A new tool will track and manage the millions of disease-carrying bugs which use cyclones and strong winds as a cover to invade our borders every year.

Australian researchers are developing the new software and modelling tool to get a vector on the risks associated with wind-assisted migration of species like Culicoides, a biting midge that carries a disease called Bluetongue virus.

The bug radar is one of several projects to be developed as part of the CSIRO’s new Biosecurity Flagship launched in Canberra over the weekend.

Gary Fitt, Director of the CSIRO Biosecurity Flagship says they will focus on the Bluetongue-spreading Culicoides because it is a major risk in Australia, and will be a good test for the program. Mr Fitt says: “The appearance of some strains of Culicoides can only be explained by wind-borne movement and we know of a number of other insects that are detected across northern Australia after cyclones...That’s part of the reason why one of our projects is to develop a model to help predict wind-assisted arrivals of insects or plant pathogens into northern Australia, or in fact into any part of Australia. With the same models, we can then predict where these organisms might spread and also use the model in reverse mode to backtrack where they may have came from. That helps us better understand how to prepare for and manage an outbreak.”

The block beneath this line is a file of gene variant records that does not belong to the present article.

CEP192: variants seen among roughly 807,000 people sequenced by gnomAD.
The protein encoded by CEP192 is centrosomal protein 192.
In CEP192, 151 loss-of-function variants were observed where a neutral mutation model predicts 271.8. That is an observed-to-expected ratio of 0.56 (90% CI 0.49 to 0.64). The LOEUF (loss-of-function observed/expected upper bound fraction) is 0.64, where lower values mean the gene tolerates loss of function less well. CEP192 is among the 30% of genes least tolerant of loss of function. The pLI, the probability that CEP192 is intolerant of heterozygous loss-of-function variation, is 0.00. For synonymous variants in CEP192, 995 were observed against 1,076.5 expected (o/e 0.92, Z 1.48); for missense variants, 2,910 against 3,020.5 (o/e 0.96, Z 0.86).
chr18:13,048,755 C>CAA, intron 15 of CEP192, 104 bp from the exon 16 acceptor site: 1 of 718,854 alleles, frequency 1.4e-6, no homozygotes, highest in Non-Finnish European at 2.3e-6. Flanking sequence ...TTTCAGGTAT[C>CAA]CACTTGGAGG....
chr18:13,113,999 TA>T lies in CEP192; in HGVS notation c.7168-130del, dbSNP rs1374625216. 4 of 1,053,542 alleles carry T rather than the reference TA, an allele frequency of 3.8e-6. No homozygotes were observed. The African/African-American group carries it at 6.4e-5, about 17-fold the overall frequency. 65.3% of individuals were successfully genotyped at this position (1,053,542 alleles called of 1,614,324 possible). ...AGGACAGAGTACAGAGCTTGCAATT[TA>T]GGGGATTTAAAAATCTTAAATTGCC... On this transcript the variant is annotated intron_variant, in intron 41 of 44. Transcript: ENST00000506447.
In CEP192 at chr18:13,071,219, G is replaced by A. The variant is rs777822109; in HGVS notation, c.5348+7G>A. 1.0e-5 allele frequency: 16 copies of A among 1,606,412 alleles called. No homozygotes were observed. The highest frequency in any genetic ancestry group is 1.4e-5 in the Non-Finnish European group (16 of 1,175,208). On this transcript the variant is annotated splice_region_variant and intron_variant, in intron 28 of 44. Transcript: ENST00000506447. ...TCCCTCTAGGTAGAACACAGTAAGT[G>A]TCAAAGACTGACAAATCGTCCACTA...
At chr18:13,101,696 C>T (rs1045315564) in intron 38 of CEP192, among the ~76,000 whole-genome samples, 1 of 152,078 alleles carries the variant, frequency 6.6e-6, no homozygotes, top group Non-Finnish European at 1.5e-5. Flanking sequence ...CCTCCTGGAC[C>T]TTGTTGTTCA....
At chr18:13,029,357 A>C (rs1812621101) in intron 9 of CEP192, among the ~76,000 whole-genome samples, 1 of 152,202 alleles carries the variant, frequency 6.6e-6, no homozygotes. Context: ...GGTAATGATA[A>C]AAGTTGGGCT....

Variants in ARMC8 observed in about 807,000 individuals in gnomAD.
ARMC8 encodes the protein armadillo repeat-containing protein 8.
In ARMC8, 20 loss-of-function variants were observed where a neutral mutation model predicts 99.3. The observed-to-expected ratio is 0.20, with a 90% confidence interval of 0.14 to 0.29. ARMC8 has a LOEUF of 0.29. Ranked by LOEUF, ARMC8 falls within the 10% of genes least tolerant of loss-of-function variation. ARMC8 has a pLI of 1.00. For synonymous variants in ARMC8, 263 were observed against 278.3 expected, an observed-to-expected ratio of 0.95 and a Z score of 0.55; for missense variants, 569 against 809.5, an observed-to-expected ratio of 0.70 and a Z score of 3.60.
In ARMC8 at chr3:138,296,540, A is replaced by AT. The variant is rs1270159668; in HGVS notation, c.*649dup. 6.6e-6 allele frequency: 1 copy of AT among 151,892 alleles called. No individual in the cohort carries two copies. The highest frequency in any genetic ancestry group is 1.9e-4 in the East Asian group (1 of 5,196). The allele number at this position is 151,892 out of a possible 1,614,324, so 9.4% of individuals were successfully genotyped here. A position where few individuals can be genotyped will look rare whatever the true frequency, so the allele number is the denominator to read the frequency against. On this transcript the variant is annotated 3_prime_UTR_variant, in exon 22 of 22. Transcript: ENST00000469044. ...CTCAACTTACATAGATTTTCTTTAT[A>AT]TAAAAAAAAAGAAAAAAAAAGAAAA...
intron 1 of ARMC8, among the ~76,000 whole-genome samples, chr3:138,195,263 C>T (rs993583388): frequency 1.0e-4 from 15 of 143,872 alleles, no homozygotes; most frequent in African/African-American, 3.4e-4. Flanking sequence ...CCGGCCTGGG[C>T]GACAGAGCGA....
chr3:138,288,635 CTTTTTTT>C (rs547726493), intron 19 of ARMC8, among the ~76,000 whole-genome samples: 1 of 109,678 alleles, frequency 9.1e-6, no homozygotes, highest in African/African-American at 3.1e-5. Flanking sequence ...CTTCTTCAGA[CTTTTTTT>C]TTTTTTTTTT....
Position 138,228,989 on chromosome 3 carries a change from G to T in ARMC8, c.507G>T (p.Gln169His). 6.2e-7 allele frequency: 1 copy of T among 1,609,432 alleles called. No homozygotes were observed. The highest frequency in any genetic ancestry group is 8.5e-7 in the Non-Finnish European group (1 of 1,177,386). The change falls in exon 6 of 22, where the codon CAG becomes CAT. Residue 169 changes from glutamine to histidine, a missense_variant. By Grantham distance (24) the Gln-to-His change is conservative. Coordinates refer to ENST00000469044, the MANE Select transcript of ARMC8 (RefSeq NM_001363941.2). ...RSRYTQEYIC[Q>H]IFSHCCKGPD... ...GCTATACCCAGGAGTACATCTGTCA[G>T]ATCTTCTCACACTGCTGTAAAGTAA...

The potential spread of the Bluetongue virus is just one major biosecurity issue faced by authorities in Australia, with dozens of new diseases flying in on the back of bugs from around the world. Dr Fitt said CSIRO’s Biosecurity Flagship will develop new ways of reducing the spread of infectious disease-carrying pests before they decimate any of the nation’s valuable natural resources.